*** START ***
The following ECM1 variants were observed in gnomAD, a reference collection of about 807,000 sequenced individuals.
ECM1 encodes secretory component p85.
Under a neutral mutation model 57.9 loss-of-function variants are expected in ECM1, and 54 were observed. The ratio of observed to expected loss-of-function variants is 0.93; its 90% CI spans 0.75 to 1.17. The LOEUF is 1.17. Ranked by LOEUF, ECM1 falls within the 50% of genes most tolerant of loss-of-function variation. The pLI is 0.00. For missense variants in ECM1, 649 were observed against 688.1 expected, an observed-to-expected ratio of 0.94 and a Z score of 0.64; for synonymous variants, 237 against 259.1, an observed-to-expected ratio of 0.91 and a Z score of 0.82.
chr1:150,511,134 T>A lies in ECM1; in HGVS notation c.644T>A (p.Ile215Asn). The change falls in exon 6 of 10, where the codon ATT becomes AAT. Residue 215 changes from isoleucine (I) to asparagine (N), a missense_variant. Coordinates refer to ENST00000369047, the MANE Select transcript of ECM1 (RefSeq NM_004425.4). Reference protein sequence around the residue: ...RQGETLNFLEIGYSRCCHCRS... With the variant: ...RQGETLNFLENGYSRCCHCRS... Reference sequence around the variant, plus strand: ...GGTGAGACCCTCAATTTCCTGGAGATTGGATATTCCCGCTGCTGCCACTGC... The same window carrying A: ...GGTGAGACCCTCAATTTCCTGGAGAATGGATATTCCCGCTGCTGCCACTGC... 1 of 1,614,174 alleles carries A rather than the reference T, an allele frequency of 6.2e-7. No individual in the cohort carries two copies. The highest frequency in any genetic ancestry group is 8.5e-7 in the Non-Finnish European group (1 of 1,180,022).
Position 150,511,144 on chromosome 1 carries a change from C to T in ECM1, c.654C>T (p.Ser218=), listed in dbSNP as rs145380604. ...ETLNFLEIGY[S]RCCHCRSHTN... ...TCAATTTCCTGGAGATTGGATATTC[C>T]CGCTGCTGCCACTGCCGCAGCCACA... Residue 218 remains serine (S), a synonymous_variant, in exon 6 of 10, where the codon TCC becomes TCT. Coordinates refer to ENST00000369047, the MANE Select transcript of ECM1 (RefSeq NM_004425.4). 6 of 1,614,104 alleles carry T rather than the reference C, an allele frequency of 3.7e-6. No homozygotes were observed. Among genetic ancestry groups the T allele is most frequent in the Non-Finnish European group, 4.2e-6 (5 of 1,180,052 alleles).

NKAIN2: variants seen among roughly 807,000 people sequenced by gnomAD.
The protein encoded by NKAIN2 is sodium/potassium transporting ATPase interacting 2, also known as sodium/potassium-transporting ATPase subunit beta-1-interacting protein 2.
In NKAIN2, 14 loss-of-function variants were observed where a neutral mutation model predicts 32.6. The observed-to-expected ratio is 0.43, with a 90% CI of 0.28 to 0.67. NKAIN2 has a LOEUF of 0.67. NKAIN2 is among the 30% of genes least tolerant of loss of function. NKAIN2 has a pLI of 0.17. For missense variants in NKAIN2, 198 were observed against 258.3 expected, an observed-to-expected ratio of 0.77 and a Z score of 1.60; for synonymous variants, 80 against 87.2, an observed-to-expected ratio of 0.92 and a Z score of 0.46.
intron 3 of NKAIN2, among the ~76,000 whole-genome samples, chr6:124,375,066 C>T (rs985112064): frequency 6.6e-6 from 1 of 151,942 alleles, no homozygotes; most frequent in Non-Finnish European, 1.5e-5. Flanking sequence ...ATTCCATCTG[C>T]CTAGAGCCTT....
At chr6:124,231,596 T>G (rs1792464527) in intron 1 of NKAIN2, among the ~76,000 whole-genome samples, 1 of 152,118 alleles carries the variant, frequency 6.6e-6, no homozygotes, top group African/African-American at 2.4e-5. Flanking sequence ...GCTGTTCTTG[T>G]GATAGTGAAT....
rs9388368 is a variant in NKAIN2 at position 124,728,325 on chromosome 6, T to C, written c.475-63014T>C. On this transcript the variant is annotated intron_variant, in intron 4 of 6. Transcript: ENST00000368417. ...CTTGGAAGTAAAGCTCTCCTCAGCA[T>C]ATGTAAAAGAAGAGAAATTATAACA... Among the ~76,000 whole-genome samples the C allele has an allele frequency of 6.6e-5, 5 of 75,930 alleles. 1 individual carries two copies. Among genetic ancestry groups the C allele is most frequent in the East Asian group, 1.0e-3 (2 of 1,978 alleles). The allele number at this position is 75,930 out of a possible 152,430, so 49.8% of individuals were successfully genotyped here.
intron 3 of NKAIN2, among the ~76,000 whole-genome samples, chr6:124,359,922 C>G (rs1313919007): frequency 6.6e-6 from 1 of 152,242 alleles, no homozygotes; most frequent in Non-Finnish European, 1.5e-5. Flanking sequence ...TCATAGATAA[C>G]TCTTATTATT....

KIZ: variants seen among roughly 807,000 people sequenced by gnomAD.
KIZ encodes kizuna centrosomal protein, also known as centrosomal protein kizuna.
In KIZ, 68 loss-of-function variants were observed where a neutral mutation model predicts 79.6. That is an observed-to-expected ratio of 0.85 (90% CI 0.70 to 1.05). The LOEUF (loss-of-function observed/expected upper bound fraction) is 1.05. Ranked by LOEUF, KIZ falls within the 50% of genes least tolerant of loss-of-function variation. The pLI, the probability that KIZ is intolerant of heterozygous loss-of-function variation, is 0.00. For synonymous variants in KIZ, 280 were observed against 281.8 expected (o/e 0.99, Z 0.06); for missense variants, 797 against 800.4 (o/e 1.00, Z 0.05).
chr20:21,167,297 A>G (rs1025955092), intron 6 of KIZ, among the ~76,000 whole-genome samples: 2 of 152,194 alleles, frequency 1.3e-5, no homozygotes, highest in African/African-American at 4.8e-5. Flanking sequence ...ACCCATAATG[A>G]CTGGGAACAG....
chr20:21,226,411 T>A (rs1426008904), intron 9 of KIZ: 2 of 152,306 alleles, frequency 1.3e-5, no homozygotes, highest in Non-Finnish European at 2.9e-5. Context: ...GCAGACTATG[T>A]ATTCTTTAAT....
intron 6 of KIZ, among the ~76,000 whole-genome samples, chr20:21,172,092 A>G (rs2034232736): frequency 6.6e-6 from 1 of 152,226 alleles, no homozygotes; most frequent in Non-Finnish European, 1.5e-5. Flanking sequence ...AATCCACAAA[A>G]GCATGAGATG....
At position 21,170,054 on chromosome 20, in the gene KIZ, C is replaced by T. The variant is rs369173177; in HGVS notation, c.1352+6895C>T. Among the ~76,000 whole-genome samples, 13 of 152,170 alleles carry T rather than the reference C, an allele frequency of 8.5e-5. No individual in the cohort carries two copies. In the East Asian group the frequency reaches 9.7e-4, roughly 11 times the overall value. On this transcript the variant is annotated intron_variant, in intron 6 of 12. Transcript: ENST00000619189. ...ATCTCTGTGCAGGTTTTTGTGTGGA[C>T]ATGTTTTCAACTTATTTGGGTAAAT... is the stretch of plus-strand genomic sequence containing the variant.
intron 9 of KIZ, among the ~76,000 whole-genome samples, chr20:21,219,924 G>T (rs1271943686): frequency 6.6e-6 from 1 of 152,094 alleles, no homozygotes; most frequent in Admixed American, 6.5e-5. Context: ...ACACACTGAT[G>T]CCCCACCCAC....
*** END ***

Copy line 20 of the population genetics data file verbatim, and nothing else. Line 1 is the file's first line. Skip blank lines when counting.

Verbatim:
intron 9 of KIZ, among the ~76,000 whole-genome samples, chr20:21,219,924 G>T (rs1271943686): frequency 6.6e-6 from 1 of 152,094 alleles, no homozygotes; most frequent in Admixed American, 6.5e-5. Context: ...ACACACTGAT[G>T]CCCCACCCAC....